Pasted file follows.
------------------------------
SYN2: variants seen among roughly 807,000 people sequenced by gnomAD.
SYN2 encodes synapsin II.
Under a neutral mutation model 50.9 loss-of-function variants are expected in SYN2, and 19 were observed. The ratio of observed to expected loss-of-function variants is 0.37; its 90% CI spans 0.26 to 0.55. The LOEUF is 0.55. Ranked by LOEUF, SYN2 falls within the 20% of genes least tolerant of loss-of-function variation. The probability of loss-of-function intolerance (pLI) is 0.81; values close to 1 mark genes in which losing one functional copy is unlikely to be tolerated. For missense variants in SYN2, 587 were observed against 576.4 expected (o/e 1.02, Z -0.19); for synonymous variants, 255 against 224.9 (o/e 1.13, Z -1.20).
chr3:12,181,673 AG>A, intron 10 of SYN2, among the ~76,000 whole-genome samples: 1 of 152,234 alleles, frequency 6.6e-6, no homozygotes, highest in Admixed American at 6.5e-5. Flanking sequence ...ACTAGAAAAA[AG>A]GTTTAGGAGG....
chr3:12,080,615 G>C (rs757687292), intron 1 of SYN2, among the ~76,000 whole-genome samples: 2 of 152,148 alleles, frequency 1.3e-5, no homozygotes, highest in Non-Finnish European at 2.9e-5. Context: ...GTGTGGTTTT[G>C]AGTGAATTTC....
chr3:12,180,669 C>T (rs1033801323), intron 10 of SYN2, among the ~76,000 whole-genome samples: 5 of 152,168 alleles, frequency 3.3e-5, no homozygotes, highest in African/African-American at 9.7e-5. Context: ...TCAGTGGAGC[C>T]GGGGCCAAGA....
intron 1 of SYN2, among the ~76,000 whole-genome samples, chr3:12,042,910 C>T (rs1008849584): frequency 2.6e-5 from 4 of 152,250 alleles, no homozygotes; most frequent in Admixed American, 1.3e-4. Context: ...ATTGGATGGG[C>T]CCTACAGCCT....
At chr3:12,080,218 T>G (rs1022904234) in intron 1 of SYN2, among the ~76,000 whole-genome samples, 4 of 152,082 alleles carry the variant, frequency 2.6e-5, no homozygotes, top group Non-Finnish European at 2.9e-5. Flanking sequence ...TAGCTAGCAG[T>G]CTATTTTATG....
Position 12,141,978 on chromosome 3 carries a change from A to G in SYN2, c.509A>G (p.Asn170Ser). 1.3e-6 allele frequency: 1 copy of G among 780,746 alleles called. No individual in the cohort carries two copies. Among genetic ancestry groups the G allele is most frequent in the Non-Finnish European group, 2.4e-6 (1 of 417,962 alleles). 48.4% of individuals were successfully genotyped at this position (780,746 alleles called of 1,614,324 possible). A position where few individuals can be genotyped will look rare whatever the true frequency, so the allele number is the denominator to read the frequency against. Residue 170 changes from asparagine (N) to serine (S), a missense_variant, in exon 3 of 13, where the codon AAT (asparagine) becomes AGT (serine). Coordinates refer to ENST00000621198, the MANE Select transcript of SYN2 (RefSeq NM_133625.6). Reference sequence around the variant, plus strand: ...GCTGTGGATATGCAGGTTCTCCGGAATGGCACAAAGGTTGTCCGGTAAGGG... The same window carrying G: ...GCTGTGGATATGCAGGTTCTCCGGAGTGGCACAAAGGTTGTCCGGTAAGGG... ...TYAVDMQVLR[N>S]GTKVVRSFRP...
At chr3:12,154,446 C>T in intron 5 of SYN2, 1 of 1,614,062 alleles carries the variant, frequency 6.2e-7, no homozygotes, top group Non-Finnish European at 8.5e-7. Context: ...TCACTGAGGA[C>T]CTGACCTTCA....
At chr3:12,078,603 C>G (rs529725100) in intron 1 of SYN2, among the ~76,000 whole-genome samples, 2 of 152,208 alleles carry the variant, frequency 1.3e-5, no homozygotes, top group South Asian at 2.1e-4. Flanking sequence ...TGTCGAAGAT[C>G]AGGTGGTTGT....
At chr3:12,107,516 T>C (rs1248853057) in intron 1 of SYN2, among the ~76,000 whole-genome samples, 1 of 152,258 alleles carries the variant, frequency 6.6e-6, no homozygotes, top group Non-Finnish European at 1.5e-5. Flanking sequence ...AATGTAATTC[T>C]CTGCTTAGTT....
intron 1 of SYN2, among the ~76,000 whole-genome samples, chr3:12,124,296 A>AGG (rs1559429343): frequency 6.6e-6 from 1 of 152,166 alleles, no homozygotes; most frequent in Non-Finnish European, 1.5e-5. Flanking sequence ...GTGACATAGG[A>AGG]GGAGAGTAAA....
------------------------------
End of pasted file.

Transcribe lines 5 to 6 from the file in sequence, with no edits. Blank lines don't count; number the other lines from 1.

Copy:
chr3:12,080,615 G>C (rs757687292), intron 1 of SYN2, among the ~76,000 whole-genome samples: 2 of 152,148 alleles, frequency 1.3e-5, no homozygotes, highest in Non-Finnish European at 2.9e-5. Context: ...GTGTGGTTTT[G>C]AGTGAATTTC....
chr3:12,180,669 C>T (rs1033801323), intron 10 of SYN2, among the ~76,000 whole-genome samples: 5 of 152,168 alleles, frequency 3.3e-5, no homozygotes, highest in African/African-American at 9.7e-5. Context: ...TCAGTGGAGC[C>T]GGGGCCAAGA....